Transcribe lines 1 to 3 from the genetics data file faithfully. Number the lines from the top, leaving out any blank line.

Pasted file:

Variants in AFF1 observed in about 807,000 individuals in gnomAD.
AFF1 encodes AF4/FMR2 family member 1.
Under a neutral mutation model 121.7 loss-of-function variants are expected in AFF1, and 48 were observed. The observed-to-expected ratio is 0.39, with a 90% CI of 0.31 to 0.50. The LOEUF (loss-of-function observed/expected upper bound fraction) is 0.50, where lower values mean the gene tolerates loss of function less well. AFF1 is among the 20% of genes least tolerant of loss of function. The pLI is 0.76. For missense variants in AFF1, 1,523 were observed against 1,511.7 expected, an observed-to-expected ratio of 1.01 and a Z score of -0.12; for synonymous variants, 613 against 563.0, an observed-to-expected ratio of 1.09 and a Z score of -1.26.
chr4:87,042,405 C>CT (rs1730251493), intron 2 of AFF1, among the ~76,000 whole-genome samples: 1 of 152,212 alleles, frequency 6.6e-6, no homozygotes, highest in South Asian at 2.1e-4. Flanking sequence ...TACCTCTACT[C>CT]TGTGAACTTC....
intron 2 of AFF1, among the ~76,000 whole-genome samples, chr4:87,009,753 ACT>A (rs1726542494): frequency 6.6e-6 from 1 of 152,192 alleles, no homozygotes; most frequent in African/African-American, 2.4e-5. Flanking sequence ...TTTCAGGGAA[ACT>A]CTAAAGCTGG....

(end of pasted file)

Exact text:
Variants in AFF1 observed in about 807,000 individuals in gnomAD.
AFF1 encodes AF4/FMR2 family member 1.
Under a neutral mutation model 121.7 loss-of-function variants are expected in AFF1, and 48 were observed. The observed-to-expected ratio is 0.39, with a 90% CI of 0.31 to 0.50. The LOEUF (loss-of-function observed/expected upper bound fraction) is 0.50, where lower values mean the gene tolerates loss of function less well. AFF1 is among the 20% of genes least tolerant of loss of function. The pLI is 0.76. For missense variants in AFF1, 1,523 were observed against 1,511.7 expected, an observed-to-expected ratio of 1.01 and a Z score of -0.12; for synonymous variants, 613 against 563.0, an observed-to-expected ratio of 1.09 and a Z score of -1.26.